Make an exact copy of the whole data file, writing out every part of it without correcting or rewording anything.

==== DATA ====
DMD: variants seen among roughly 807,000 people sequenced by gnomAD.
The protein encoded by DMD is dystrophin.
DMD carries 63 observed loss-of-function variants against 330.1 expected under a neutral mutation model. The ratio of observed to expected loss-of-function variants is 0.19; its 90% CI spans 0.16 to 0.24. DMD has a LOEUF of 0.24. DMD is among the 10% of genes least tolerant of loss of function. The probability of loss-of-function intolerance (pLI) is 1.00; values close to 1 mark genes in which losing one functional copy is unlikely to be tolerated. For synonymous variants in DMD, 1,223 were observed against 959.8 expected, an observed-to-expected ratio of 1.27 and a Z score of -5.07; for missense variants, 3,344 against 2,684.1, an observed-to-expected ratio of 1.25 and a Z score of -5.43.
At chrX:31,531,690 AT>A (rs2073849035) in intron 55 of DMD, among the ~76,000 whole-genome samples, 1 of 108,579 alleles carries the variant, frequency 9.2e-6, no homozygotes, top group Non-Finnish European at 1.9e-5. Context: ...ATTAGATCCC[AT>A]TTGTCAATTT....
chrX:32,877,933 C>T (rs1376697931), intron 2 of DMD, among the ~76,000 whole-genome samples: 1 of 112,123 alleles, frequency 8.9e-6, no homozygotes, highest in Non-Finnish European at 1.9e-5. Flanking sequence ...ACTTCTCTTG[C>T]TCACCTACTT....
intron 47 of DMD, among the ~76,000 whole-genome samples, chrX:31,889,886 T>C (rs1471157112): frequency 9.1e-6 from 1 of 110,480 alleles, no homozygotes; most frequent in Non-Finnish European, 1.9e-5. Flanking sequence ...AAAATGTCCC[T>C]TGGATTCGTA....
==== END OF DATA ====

DMD: variants seen among roughly 807,000 people sequenced by gnomAD.
The protein encoded by DMD is dystrophin.
DMD carries 63 observed loss-of-function variants against 330.1 expected under a neutral mutation model. The ratio of observed to expected loss-of-function variants is 0.19; its 90% CI spans 0.16 to 0.24. DMD has a LOEUF of 0.24. DMD is among the 10% of genes least tolerant of loss of function. The probability of loss-of-function intolerance (pLI) is 1.00; values close to 1 mark genes in which losing one functional copy is unlikely to be tolerated. For synonymous variants in DMD, 1,223 were observed against 959.8 expected, an observed-to-expected ratio of 1.27 and a Z score of -5.07; for missense variants, 3,344 against 2,684.1, an observed-to-expected ratio of 1.25 and a Z score of -5.43.
At chrX:31,531,690 AT>A (rs2073849035) in intron 55 of DMD, among the ~76,000 whole-genome samples, 1 of 108,579 alleles carries the variant, frequency 9.2e-6, no homozygotes, top group Non-Finnish European at 1.9e-5. Context: ...ATTAGATCCC[AT>A]TTGTCAATTT....
chrX:32,877,933 C>T (rs1376697931), intron 2 of DMD, among the ~76,000 whole-genome samples: 1 of 112,123 alleles, frequency 8.9e-6, no homozygotes, highest in Non-Finnish European at 1.9e-5. Flanking sequence ...ACTTCTCTTG[C>T]TCACCTACTT....
intron 47 of DMD, among the ~76,000 whole-genome samples, chrX:31,889,886 T>C (rs1471157112): frequency 9.1e-6 from 1 of 110,480 alleles, no homozygotes; most frequent in Non-Finnish European, 1.9e-5. Flanking sequence ...AAAATGTCCC[T>C]TGGATTCGTA....